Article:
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Your Face Tomorrow, Vol. 3: Poison, Shadow, and Farewell (Your Face Tomorrow #3)

4.52 of 5 stars 4.52  ·  rating details  ·  535 ratings  ·  66 reviews
Poison, Shadow, and Farewell, with its heightened tensions between meditations and noir narrative, with its wit and and ever deeper forays into the mysteries of consciousness, brings to a stunning finale Marías’s three-part Your Face Tomorrow. Already this novel has been acclaimed “exquisite“ (Publishers Weekly), “gorgeous” (Kirkus), and “outstanding: another work of urgen ...more
Paperback, 554 pages
Published June 8th 2009 by New Directions (first published 2007)
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Poison, Shadow and Farewell is the valedictory volume of Javier Marías's spy novel whose prose style represents a calcification of the novelist's poetic images, lines, phrases, and symbols, all unfolding in slow motion in the pedantic mind of its narrator. In the 1,200-page opus Your Face Tomorrow, we find Jacques Deza, recently separated from his wife Luisa in Spain and employed in London as an interpreter and as a kind of behavioral consultant under the tutelage of his boss Bertram Tupra, an e ...more
Allow me to be cinematic. Imagine me with a Montepulciano handy; my right leg could be pistoning (but I am not the type); my soul is on fire ( I am that type). Have you been there, after you close the book, but before you shelve it: wanting everyone to read it right now; wanting to start again from the very first page; not wanting to let go?

tis, tis, tis

This is an old man's story, and a younger man's life. There was a drop of blood in Vol. 1. There was a drop of blood in Vol. 2. In Vol. 3, the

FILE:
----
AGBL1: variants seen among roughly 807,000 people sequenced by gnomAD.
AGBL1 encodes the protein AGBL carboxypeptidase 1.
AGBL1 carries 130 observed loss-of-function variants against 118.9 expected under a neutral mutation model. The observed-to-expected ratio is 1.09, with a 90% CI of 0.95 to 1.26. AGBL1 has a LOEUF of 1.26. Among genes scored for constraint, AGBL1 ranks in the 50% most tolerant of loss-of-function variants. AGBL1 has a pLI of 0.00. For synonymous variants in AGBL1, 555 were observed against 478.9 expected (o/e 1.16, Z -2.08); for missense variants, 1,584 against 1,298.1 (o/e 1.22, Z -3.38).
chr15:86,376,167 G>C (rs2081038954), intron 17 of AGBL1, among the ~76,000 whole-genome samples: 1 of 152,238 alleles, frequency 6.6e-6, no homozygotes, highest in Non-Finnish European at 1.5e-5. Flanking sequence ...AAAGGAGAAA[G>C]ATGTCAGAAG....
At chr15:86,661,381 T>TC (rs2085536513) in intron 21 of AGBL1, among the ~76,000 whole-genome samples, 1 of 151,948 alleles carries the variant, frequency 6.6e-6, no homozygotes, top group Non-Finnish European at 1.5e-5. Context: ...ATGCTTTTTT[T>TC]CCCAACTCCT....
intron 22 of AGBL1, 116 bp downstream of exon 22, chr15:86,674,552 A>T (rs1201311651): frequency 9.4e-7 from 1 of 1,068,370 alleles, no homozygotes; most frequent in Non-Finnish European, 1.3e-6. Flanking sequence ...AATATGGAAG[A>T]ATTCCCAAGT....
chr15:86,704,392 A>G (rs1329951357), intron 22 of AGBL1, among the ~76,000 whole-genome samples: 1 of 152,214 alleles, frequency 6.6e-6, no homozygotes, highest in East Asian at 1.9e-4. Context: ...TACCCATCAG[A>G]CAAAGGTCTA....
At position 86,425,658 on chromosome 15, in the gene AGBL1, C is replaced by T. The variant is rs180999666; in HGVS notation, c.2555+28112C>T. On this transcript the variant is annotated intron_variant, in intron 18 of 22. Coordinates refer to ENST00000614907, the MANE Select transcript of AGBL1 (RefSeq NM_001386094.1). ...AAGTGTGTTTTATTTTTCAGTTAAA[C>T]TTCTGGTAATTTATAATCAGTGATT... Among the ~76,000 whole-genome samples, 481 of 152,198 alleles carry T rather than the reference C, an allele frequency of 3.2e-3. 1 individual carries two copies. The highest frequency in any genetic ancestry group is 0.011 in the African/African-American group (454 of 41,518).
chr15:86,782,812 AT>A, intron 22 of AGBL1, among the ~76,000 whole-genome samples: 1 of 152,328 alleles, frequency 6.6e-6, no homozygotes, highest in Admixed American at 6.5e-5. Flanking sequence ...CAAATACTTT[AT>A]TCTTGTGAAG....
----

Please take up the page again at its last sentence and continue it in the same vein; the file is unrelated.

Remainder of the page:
Justin Evans
There's a select group of novels in my reading history: the first time I read them, I would occasionally become deeply envious of people who hadn't started them, because that meant they had something amazing to look forward to. The first time it happened was with War & Peace. It also happened with The Magic Mountain, Gravity's Rainbow (although I was sick when I read it, so it might have just been a fever), The Tenant of Wildfell Hall, and Gerard Woodward's sort of memoir trilogy. That's not ...more
I FOUND THIS TODAY AT THE ALBANY, CA LIBRARY BOOK SALE! Amazing! They didn't have the first, or the second, but THIS ONE, the third, a gorgeous hardcover in perfect condition and only $1!

The reality is this: if you are lucky as a reader, you will find that writer who is a mirror of yourself, who pens the sentences and stories you would pen, had you the nerve, the time. Marias, for me, is that writer, so it is with great narcissism that I award him five stars and recommend any and all to read him. Of course, many won't, and the pity is that he has such a long eye reaching both back and forward...he understands our sins, and he casts both aspersions and patience on them. I put thi ...more
Mike Puma
I thoroughly enjoyed reading Your Face Tomorrow--which is not to say it's a title easily recommended. I had the luxury of reading all three volumes one after the other and over a relatively short period of time (I think my enjoyment was enhanced by this opportunity). The individual volumes are not episodic or self-contained. I suspect readers who picked up these volumes as they were translated/published were probably left wondering what what they had got themselves into. The books are not volume ...more
Ilona Cieniuch-Lonardo
Imagínate que vas a estar unas cuantas semanas en una isla desierta. ¿Qué libro llevarías contigo? Piensa en un libro que ha sido muy importante para tí, un libro que ha dejado una huella, ha cambiado tu manera de pensar, te ha hecho soñar, reír, llorar, un libro esencial.

No debería uno contar nunca nada, ni dar datos ni aportar historias ni hacer que la gente recuerde a seres que jamás han existido ni pisado la tierra o cruzado el mundo, o que si pasaron pero estaban ya medio a salvo en el tuer